Another piece of the Comox-Helmcken Greenway was added just before the new year: a public seating (and people-watching) area at the northwest corner of Denman and Comox:
Sturdily built of (hopefully) vandal-resistant metal, it is nonetheless inviting and flexible, each seat able to revolve, with tables for intimate conversation and a bar designed to scope the passing parade of peds and bikes.
Note that the seats are big enough to cosily accommodate a couple.
Though the cost was likely in the thousands, is this too extravagant a waste of taxpayers’ dollars (a criticism rarely if ever applied to road-widenings and left-hand-turn bays, priced in the millions)?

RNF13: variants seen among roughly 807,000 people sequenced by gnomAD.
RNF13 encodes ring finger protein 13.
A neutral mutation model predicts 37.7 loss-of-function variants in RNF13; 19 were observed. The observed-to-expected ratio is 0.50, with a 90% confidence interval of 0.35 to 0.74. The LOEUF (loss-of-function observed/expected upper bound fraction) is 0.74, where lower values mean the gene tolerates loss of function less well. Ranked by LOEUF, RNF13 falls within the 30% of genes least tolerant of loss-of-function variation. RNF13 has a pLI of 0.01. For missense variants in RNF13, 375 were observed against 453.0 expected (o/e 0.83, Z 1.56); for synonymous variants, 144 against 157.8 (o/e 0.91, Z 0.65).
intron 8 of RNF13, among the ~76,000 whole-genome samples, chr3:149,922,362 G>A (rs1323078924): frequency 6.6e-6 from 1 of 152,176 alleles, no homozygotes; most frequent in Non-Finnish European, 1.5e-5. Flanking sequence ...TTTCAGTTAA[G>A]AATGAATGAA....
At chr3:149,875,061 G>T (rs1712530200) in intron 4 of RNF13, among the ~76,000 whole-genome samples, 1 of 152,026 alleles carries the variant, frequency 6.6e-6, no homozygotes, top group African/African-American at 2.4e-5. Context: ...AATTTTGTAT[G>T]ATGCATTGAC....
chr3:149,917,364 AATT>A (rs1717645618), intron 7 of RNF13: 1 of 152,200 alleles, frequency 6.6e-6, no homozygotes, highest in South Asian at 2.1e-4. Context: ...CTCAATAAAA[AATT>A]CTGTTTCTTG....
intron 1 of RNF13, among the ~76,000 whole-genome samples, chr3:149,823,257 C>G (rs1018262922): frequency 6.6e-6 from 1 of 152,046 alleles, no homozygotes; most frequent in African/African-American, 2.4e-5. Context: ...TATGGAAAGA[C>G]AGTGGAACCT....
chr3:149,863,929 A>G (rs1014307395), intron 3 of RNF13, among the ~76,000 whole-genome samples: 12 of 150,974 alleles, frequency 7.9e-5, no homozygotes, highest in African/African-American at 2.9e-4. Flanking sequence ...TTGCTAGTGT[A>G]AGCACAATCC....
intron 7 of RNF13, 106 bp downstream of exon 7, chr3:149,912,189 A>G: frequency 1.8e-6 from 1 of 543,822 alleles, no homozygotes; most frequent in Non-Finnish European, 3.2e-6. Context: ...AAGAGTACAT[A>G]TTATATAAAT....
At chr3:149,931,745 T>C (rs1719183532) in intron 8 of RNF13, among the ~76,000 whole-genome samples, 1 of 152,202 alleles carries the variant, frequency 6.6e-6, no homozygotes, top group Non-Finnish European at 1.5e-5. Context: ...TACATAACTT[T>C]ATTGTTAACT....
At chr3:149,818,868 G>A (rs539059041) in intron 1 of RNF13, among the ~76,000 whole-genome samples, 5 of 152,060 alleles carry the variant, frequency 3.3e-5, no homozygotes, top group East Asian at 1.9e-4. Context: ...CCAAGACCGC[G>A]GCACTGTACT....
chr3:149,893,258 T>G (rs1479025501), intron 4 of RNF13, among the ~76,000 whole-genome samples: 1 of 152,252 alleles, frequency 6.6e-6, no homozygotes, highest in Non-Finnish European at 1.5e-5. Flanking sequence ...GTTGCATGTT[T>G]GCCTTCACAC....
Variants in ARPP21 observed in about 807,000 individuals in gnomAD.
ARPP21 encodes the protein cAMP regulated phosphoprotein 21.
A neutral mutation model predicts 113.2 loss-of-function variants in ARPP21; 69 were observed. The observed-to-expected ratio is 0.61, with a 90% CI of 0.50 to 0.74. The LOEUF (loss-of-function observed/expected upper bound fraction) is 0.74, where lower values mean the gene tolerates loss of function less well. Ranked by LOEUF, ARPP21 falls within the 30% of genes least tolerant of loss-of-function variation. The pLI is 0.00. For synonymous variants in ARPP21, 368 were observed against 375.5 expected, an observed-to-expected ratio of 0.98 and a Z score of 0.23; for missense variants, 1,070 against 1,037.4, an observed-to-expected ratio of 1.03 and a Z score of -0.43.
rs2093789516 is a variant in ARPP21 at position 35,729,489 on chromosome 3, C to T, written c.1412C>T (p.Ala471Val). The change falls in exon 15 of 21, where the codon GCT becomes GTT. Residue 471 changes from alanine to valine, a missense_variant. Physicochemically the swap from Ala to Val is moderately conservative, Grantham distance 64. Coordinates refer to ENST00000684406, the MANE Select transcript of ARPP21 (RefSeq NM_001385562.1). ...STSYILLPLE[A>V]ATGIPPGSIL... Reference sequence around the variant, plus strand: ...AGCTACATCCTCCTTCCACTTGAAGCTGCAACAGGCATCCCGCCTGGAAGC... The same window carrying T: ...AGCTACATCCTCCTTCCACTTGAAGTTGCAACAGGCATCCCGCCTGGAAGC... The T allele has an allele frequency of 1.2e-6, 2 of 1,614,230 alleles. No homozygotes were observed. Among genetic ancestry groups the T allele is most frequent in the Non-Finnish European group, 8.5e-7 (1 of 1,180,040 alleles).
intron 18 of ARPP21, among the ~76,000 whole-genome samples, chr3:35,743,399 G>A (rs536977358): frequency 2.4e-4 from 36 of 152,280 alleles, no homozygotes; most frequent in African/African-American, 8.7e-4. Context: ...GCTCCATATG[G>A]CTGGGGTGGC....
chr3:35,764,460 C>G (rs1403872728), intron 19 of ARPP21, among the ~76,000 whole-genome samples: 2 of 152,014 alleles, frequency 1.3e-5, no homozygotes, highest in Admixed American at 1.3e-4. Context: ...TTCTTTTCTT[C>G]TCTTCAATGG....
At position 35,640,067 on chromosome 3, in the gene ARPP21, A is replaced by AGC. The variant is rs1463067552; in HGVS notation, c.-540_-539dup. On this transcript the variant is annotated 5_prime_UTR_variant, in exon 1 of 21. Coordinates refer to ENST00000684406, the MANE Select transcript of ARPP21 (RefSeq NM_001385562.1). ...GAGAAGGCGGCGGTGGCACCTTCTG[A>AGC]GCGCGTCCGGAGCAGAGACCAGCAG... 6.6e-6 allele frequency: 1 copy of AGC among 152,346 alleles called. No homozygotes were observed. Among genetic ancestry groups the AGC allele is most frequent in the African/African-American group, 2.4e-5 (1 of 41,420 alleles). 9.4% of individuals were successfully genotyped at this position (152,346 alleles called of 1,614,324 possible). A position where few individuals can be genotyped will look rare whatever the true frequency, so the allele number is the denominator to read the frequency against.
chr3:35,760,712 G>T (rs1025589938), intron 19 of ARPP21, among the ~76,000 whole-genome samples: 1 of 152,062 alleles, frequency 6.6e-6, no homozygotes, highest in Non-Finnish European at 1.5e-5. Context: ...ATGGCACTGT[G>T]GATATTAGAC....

I suppose there’s an argument that such public improvements actually increase private value – here, a 7-11 – and that those increases will come back in the form of property taxes. (Indeed, one wonders if the 7-11 will be replaced by a new structure that would take advantage of this amenity.)
But what a futile argument. Isn’t something that attractively adds to the community, encourages contact and interaction (and hence, as Charles Montgomery documents, to our happiness), and benefits both public and private sectors justification enough?